It may sound like a cliche, but when it comes to strength training, it’s true:  No pain, no gain. If you work your muscles appropriately, they should have to repair themselves (and grow stronger) after you workout. And that means you’ll experience soreness.

Unlike excruciating or debilitating pain, a bit of post-workout soreness is a good thing. It means you’ve trained your muscles to exhaustion—traumatized them, in fact, by causing microscopic muscle tears. When your body repairs these tears, it reinforces the muscles, increasing your muscle mass and making you stronger.

Creating tiny tears in your muscles, of course, will cause you some pain and discomfort. You must, however, learn the difference between the normal pain that occurs when you work your muscles to the point of failure during strenuous exercise and the “bad” pain that occurs when you push yourself to the point of injury. Pushing yourself so hard that you hurt yourself won’t make you stronger faster. On the contrary, it will impede your progress by putting an end to your workouts—at least temporarily.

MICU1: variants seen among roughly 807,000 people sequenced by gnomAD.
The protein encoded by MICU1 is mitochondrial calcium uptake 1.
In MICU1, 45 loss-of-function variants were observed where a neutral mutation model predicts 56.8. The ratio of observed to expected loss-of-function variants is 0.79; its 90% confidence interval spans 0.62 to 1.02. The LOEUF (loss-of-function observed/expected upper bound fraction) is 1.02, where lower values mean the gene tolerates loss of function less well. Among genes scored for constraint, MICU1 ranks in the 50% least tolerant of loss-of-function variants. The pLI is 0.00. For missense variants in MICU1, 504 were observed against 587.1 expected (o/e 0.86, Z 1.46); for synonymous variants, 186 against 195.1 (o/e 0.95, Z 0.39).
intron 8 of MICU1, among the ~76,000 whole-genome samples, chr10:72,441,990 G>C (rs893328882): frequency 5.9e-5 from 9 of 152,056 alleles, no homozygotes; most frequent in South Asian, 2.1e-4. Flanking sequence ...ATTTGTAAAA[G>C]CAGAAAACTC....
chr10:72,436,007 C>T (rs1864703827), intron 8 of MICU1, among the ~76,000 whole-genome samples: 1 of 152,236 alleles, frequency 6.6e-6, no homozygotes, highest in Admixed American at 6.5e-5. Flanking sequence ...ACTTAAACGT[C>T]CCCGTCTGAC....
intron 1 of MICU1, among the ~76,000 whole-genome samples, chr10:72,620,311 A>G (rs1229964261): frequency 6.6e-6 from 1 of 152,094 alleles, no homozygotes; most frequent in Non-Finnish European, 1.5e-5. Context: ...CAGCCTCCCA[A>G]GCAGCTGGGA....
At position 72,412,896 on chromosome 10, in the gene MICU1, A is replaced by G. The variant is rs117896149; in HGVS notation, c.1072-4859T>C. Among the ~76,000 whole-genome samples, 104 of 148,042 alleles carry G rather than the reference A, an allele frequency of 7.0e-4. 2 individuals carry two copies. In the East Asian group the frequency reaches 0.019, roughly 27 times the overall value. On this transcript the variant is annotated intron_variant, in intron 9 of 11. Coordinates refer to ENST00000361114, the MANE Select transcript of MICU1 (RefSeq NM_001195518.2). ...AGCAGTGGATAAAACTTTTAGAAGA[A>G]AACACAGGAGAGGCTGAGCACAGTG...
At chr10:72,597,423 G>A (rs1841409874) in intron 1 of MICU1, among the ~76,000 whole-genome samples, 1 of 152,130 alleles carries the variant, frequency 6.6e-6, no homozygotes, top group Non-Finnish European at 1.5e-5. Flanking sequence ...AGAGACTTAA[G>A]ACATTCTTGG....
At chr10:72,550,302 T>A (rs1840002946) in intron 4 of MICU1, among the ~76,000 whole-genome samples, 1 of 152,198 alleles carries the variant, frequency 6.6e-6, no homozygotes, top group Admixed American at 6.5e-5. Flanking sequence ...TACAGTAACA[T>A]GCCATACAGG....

How can you tell “bad” pain from “good” pain? When you’re doing repetitions as part of your strength training routine, the first few should be fairly easy to perform. By the last few reps, however, you should be struggling. If you’re struggling from the outset, slow down and lighten up. You’re pushing yourself too hard and could cause injury.

The next time you feel sore after a good workout, be happy. The pain that makes you groan is also making you stronger.